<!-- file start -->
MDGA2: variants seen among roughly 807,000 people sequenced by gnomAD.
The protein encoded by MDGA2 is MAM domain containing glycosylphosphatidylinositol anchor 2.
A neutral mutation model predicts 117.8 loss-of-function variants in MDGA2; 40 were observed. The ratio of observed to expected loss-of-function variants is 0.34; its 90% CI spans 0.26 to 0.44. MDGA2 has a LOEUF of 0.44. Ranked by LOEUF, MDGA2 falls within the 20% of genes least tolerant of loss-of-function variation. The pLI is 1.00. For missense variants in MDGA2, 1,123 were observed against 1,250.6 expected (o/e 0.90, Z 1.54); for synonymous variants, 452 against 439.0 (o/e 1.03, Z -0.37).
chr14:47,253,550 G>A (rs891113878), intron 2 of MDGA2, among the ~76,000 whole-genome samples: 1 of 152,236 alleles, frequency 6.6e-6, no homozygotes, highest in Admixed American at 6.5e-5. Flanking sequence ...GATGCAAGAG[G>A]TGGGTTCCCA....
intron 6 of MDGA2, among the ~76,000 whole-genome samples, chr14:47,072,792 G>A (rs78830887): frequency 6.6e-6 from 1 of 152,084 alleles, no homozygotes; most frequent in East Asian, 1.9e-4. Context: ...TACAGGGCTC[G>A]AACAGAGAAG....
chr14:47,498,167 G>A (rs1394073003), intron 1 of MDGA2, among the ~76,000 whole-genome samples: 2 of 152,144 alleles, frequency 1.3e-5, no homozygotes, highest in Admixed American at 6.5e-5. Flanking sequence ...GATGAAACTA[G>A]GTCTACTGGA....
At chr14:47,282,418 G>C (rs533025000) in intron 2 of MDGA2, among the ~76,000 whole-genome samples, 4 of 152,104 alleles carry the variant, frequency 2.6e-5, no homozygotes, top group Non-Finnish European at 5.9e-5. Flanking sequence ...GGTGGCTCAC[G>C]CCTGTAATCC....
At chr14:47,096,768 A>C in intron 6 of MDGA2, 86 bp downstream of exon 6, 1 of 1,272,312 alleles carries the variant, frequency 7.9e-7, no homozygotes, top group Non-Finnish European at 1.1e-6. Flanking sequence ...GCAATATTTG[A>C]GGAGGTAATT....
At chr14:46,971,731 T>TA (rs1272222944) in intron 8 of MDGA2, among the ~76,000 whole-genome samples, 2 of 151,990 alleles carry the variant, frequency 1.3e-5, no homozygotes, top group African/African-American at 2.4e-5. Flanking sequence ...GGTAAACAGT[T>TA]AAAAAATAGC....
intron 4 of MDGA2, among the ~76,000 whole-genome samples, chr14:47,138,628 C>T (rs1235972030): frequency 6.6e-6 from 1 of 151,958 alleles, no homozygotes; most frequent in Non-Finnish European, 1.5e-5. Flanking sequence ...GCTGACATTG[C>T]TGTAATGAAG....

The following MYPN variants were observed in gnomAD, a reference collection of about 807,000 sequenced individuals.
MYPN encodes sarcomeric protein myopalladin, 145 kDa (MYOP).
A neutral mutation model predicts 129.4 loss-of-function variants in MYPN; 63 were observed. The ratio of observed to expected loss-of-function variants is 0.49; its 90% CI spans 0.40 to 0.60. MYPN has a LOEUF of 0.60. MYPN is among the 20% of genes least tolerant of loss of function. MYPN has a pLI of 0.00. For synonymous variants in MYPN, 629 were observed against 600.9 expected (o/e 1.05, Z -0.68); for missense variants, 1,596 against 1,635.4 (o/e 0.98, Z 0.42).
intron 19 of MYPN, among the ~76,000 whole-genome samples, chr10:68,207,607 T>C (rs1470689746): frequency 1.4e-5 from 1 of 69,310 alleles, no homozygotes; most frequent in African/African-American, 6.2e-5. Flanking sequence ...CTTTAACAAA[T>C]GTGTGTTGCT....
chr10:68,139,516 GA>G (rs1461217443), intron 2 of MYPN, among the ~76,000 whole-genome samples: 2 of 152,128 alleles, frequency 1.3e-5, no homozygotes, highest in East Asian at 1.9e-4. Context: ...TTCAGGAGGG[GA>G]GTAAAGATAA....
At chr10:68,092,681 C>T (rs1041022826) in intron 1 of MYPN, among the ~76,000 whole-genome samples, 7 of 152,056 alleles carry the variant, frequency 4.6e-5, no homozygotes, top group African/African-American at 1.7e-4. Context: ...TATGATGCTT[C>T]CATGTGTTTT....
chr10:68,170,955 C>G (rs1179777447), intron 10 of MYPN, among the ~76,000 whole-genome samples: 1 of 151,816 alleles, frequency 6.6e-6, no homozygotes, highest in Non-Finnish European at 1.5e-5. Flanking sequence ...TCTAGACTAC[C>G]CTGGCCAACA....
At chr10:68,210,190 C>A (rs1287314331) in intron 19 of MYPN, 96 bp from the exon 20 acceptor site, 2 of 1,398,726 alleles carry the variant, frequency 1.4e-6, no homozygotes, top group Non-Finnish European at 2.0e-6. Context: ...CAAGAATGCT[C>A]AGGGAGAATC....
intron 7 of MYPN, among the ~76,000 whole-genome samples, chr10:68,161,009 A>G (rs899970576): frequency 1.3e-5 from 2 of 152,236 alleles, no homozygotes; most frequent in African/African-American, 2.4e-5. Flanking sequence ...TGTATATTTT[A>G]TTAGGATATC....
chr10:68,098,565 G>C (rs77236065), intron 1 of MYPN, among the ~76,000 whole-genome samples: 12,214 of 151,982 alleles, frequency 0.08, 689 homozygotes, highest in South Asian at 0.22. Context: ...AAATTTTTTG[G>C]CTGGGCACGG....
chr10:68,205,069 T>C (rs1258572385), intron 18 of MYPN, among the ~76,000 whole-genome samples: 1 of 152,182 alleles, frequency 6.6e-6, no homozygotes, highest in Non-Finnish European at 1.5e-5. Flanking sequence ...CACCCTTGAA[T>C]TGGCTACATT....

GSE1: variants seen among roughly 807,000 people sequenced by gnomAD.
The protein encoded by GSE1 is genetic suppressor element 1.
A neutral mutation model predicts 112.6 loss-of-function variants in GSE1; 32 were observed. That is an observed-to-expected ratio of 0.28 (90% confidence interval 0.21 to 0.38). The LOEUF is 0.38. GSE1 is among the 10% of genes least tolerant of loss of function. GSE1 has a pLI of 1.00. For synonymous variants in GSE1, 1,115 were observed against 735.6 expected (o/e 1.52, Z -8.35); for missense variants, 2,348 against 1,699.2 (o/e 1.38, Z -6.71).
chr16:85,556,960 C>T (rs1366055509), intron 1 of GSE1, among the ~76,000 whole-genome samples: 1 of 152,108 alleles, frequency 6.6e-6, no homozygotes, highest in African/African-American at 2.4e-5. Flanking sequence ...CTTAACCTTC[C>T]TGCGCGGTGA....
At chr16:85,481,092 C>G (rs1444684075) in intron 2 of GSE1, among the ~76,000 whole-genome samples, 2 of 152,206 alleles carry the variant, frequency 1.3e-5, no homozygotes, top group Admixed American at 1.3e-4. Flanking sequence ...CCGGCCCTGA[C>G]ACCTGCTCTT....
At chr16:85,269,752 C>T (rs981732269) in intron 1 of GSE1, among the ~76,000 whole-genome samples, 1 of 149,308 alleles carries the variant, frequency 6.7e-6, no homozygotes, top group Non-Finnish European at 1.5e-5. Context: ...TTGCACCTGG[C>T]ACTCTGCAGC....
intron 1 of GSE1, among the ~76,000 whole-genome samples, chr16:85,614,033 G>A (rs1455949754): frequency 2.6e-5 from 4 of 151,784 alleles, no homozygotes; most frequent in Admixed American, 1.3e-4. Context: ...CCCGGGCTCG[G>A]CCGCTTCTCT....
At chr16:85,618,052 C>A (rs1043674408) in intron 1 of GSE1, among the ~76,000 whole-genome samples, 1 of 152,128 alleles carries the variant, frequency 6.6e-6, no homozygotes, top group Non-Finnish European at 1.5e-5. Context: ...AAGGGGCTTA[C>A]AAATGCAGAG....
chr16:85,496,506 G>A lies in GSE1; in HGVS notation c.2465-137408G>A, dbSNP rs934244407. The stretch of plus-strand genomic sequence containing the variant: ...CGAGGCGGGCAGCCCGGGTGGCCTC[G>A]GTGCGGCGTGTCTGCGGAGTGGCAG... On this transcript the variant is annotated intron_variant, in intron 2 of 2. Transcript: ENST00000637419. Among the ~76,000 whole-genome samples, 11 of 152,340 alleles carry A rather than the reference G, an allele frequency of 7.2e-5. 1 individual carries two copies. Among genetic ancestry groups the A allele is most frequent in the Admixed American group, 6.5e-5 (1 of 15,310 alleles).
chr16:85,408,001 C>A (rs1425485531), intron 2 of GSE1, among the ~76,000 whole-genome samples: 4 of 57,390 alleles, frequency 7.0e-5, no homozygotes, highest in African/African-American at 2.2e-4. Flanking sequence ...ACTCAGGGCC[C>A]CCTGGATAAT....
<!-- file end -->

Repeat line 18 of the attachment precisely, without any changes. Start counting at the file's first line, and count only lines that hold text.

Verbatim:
At chr10:68,210,190 C>A (rs1287314331) in intron 19 of MYPN, 96 bp from the exon 20 acceptor site, 2 of 1,398,726 alleles carry the variant, frequency 1.4e-6, no homozygotes, top group Non-Finnish European at 2.0e-6. Context: ...CAAGAATGCT[C>A]AGGGAGAATC....